Dorothy Knowles, "Emma Lake"
Dorothy Knowles (Saskatchewan, Canada; b. 1927)
acrylic on canvas
inscribed on verso; Emma Lake/ Acrylic 35×48/ Dorothy Knowles
Ex Collection of critic and curator Kenworth Moffett (1934-2016) and Lucy Baker (b. 1955)
Descended in the family to the current owner
The acrylic on canvas work depicts a Canadian landscape, an important and substantial subject for the artist. Emma Lake was home to the renowned workshops where Knowles and her husband, William Perehudoff (1918 – 2003), spent many summers at both the workshops and their cabin. Signed, titled, and the medium listed by the artist to the verso.
The style and rendering of the work suggest it is a part of Knowles’s mature body of work. Her mature style includes Saskatchewan landscape subjects, thin applications of paint, and a layering of cool colors against warm colors. An avid watercolorist, her use of layering of color in thin applications of paint is noted in her acrylic and oil paintings.
Knowles was born in Unity, Saskatchewan. Her childhood was spent surrounded by the prairie landscapes that she would later paint. Knowles received her Bachelor’s Degree in Biology from the University of Saskatoon. She began her formal education in art at a six-week Emma Lake Workshop under muralist James Frederick Finley (Ontario, Canada; 1894 – 1968) and the Canadian prairie watercolorist Reta Cowley (Saskatchewan, Canada; 1910 – 2004). She continued to study painting under three-dimensional relief artist Eli Bornstein (United States / Saskatchewan, Canada; b. 1922) and painter Nicholas Bjelajac (1919 – 2006) at the University of Saskatchewan. It was also at this time that Knowles met and married the abstract painter William Perehudoff in 1951. The following year, Knowles exhibited her work for the first time at a group exhibition with her husband at the Saskatoon Art Centre. Throughout their careers, the Perehudoffs routinely exhibited in solo and group exhibitions in the Saskatchewan province and attended Emma Lake Workshops in Saskatchewan. It was at these workshops that Knowles would become acquainted with art critic Clement Greenberg (1909 – 1994), Kenneth Noland (1924 – 2010), Jules Olitski (1922 – 2007), and presumably Friedel Dzubas (1915 – 1994) and Kenworth Moffett (1934 – 2016).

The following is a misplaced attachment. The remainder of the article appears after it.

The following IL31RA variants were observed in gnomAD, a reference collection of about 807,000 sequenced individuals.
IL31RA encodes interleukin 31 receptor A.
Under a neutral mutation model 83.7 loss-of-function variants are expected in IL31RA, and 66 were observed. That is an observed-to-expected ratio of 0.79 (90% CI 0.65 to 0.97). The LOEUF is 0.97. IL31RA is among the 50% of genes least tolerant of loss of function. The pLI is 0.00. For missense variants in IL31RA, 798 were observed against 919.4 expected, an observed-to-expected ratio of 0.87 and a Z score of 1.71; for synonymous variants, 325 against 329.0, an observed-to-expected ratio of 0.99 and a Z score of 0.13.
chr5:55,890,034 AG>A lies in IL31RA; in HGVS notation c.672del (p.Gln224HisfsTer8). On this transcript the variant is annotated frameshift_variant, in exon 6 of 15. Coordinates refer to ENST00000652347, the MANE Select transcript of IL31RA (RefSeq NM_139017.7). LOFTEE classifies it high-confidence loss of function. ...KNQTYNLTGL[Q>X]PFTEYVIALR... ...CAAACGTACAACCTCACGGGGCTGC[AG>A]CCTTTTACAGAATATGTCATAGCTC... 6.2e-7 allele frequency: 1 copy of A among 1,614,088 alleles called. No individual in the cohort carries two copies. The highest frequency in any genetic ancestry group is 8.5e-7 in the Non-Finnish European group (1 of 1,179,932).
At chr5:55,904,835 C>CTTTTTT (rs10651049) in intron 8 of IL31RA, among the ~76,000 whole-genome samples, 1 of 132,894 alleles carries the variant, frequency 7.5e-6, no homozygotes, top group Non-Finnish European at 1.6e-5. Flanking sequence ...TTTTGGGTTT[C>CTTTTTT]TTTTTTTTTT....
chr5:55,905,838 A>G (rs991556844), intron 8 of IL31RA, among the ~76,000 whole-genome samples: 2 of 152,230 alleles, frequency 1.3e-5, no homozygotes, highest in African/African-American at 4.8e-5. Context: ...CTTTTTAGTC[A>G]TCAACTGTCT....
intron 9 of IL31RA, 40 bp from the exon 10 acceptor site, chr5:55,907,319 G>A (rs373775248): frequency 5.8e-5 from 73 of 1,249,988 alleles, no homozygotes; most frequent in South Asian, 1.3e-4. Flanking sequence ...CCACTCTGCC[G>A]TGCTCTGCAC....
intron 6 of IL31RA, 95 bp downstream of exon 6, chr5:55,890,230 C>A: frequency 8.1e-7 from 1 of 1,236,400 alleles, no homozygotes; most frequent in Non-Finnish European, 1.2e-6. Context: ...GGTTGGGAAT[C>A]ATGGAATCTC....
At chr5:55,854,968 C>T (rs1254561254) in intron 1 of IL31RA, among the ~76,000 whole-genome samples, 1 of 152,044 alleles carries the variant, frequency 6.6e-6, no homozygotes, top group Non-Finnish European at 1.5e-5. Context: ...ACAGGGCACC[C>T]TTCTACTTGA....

The Emma Lake workshops were critical to Knowles’ development, where each workshop leader influenced a change in Knowles’s artistic style. Her abstract work was akin to the color field artists she commonly associated with. Clement Greenberg is credited with turning Knowles from abstraction towards landscapes and favoring a use of heavy impasto. He is quoted as saying, “In an era of ‘high abstraction,’ one might still paint landscapes ambitiously and without embarrassment.” Kenneth Noland, another lion in the field of abstraction, favored a more fluid style in her work. These experiences and relationships from the Emma Lake Workshops would instill in her a love of plen-air painting.
Knowles has exhibited regularly in solo and group shows at the Mendel Art Gallery (Saskatoon, SK) and the Norman Mackenzie Art Gallery (Regina, SK). Both Saskatoon and Regina were cultural hubs for abstract art. Her major solo exhibitions include “Dorothy Knowles: Watercolour Portraits of Saskatchewan” at the Norman Mackenzie Art Gallery (2009) and the touring exhibition “Dorothy Knowles: Landmarks” at Moose Jaw Museum & Art Gallery, Saskatchewan (2009-2010).
In 1987, Knowles received the civilian honor, the Saskatchewan Order of Merit for her contributions to the cultural well-being of the province. In 2009, became a Member of the Order of Canada, one of the country’s highest honors. The citation reads in part, “Her evocative paintings have come to symbolize the Prairie landscape.” Knowles remains one of the most sought after modernist painters in Canada today.